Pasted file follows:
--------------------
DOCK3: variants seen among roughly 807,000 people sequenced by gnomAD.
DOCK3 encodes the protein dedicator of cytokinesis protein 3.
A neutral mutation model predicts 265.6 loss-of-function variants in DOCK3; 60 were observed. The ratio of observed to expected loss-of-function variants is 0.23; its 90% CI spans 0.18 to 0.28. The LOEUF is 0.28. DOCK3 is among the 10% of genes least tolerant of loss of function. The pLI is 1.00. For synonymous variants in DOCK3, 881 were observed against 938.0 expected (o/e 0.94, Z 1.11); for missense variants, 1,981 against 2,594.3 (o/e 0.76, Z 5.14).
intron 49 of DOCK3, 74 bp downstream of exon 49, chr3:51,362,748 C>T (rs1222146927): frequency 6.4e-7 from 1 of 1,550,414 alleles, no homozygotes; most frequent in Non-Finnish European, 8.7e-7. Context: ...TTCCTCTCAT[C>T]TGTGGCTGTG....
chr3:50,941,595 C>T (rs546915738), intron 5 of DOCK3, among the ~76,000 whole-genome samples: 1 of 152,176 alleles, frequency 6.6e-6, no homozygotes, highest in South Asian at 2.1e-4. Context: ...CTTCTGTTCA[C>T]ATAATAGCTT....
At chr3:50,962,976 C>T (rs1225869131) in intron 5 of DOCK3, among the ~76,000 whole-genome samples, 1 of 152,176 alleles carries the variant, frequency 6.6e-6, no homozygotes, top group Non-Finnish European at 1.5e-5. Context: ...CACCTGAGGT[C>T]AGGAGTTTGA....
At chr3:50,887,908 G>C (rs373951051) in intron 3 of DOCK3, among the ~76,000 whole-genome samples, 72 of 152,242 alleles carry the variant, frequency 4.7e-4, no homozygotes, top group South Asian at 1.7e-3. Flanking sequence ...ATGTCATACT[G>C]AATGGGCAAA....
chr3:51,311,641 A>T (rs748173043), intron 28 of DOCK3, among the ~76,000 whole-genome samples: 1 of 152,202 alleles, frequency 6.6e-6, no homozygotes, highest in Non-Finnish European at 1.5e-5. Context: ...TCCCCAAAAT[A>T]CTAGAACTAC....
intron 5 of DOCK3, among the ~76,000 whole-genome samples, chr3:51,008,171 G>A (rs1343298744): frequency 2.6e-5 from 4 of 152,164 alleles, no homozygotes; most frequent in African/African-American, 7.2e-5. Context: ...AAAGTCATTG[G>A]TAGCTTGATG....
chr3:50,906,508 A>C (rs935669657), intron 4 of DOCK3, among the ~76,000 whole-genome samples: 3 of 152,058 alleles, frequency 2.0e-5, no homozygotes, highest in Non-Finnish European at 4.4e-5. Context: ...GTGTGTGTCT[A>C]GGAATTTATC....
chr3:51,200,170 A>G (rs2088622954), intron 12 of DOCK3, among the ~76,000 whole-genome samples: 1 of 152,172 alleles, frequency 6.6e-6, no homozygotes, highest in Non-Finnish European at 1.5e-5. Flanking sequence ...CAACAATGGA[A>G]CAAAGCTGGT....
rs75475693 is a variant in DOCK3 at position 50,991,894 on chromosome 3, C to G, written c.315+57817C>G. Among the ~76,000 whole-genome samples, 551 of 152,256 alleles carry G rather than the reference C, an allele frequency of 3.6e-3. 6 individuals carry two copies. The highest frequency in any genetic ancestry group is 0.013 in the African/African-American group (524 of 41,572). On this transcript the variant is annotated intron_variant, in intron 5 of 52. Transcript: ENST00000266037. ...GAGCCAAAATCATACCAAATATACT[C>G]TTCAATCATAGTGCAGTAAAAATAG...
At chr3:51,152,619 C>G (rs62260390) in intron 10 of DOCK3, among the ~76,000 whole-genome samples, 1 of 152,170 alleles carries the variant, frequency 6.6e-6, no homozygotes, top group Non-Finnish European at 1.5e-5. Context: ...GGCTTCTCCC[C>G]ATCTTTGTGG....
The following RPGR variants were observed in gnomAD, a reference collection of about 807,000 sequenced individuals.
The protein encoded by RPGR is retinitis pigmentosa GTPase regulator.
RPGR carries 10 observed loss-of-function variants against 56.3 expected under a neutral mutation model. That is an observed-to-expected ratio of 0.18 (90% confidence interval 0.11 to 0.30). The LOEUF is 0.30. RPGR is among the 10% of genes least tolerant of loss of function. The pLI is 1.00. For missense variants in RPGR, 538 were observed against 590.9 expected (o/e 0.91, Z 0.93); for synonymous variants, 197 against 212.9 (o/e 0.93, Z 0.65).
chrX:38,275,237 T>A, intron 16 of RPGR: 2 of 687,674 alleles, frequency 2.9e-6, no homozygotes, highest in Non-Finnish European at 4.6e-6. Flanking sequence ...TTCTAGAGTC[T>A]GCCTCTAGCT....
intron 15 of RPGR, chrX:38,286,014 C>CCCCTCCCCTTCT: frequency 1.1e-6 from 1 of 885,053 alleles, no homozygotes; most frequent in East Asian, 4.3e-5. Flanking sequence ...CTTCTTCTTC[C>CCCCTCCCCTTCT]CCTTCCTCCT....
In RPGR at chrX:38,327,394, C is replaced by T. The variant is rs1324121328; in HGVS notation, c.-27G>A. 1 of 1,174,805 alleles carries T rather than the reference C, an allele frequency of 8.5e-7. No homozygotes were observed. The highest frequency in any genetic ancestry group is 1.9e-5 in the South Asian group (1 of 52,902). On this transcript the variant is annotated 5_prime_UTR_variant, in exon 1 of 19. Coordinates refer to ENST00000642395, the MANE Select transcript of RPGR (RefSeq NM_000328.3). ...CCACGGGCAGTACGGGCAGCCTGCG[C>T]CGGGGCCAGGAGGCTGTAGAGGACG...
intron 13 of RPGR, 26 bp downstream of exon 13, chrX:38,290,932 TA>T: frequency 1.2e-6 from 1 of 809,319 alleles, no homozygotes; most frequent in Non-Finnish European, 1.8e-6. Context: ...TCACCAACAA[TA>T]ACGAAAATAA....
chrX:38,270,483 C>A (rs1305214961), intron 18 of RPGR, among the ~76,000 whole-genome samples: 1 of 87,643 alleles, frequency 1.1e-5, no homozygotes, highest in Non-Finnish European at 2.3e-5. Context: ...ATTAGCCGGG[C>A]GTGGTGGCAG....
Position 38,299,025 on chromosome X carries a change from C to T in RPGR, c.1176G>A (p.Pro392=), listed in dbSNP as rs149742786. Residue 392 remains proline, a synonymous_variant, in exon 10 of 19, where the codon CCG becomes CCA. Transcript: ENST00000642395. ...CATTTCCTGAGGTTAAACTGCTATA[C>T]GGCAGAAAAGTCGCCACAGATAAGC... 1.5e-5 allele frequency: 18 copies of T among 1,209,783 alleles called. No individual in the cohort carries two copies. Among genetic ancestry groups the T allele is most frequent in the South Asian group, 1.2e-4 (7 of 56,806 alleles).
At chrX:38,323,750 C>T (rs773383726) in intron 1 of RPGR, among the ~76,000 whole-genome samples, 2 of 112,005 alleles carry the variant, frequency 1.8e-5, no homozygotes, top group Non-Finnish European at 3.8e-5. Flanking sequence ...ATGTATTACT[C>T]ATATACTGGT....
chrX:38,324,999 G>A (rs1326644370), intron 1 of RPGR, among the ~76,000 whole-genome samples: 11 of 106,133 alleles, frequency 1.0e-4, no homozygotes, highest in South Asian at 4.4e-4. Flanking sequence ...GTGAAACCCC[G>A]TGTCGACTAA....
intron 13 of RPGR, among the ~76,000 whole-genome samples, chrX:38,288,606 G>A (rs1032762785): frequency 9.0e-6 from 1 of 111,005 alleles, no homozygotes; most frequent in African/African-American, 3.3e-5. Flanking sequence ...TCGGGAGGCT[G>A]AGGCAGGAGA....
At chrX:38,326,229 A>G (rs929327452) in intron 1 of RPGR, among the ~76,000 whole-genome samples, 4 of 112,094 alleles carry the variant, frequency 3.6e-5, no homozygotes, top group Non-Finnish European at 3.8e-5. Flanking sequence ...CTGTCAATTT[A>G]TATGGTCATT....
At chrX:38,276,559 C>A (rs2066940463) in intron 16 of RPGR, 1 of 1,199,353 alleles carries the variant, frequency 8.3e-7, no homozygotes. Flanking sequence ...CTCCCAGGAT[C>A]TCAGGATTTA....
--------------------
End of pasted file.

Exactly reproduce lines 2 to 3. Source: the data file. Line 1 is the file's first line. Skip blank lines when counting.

DOCK3 encodes the protein dedicator of cytokinesis protein 3.
A neutral mutation model predicts 265.6 loss-of-function variants in DOCK3; 60 were observed. The ratio of observed to expected loss-of-function variants is 0.23; its 90% CI spans 0.18 to 0.28. The LOEUF is 0.28. DOCK3 is among the 10% of genes least tolerant of loss of function. The pLI is 1.00. For synonymous variants in DOCK3, 881 were observed against 938.0 expected (o/e 0.94, Z 1.11); for missense variants, 1,981 against 2,594.3 (o/e 0.76, Z 5.14).